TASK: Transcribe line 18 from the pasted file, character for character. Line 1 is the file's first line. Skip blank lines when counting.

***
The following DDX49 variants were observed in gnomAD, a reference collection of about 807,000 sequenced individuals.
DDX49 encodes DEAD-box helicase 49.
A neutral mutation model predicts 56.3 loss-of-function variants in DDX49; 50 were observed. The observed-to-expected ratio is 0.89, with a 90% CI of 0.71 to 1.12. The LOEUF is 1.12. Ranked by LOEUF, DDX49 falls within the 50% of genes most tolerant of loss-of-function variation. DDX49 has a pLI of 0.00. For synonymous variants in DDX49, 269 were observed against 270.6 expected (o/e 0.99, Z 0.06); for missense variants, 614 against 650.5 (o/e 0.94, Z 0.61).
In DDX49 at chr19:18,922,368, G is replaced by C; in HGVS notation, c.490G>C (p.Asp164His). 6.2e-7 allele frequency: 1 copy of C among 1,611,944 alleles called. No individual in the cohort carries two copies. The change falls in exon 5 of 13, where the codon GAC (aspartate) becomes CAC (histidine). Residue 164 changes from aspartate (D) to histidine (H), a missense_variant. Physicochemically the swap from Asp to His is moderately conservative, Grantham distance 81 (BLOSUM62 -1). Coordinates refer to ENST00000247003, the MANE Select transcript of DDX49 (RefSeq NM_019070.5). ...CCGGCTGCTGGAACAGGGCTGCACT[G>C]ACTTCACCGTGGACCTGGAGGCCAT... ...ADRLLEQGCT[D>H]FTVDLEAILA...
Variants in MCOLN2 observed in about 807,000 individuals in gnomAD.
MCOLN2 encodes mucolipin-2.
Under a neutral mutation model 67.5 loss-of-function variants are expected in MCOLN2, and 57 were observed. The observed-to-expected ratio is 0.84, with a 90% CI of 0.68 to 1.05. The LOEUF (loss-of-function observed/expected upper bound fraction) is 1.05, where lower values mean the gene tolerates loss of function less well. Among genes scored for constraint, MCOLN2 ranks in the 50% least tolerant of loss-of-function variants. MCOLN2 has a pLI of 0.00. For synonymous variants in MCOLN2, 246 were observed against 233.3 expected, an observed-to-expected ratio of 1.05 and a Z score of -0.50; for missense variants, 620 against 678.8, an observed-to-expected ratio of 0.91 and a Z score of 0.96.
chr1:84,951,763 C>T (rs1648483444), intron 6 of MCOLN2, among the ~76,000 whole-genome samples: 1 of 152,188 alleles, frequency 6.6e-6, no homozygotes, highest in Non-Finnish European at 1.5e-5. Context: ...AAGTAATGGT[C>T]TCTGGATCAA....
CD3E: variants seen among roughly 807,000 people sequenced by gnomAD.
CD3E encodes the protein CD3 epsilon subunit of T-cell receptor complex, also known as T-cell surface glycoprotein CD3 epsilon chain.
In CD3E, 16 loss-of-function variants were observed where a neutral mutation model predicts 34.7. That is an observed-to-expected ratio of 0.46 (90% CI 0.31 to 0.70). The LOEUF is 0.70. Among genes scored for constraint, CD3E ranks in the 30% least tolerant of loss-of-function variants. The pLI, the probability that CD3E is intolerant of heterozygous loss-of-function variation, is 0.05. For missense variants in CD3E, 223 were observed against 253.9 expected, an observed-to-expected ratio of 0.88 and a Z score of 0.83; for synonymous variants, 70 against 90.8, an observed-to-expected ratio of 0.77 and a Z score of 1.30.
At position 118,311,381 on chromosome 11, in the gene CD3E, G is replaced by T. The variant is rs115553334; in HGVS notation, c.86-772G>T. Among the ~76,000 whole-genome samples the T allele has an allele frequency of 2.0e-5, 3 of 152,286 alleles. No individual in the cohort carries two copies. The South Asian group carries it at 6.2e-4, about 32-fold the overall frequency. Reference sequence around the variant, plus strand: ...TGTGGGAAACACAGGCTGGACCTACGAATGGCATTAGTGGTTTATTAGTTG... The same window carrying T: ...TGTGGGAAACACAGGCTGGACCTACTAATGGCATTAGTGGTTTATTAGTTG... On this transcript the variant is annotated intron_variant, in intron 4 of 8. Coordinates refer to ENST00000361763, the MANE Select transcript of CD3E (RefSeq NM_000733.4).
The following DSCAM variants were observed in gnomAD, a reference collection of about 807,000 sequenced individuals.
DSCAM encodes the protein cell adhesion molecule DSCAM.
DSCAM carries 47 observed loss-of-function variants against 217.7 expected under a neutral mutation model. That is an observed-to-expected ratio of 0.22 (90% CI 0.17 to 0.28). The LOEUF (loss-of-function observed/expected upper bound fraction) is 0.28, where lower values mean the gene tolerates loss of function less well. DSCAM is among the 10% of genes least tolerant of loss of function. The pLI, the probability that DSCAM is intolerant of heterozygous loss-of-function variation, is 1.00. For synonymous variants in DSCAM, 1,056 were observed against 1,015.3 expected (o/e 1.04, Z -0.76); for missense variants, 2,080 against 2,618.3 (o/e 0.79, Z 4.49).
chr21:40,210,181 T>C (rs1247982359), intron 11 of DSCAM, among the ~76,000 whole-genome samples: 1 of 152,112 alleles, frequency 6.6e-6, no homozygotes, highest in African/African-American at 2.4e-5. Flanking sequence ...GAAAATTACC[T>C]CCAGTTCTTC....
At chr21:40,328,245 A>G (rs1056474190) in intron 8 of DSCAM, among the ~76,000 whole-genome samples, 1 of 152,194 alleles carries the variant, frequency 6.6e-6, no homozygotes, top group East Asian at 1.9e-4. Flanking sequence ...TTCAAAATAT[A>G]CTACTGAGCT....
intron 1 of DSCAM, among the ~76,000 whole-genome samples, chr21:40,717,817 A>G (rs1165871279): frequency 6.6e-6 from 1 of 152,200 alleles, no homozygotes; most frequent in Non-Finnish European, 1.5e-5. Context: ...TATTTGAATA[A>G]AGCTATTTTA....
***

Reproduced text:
intron 1 of DSCAM, among the ~76,000 whole-genome samples, chr21:40,717,817 A>G (rs1165871279): frequency 6.6e-6 from 1 of 152,200 alleles, no homozygotes; most frequent in Non-Finnish European, 1.5e-5. Context: ...TATTTGAATA[A>G]AGCTATTTTA....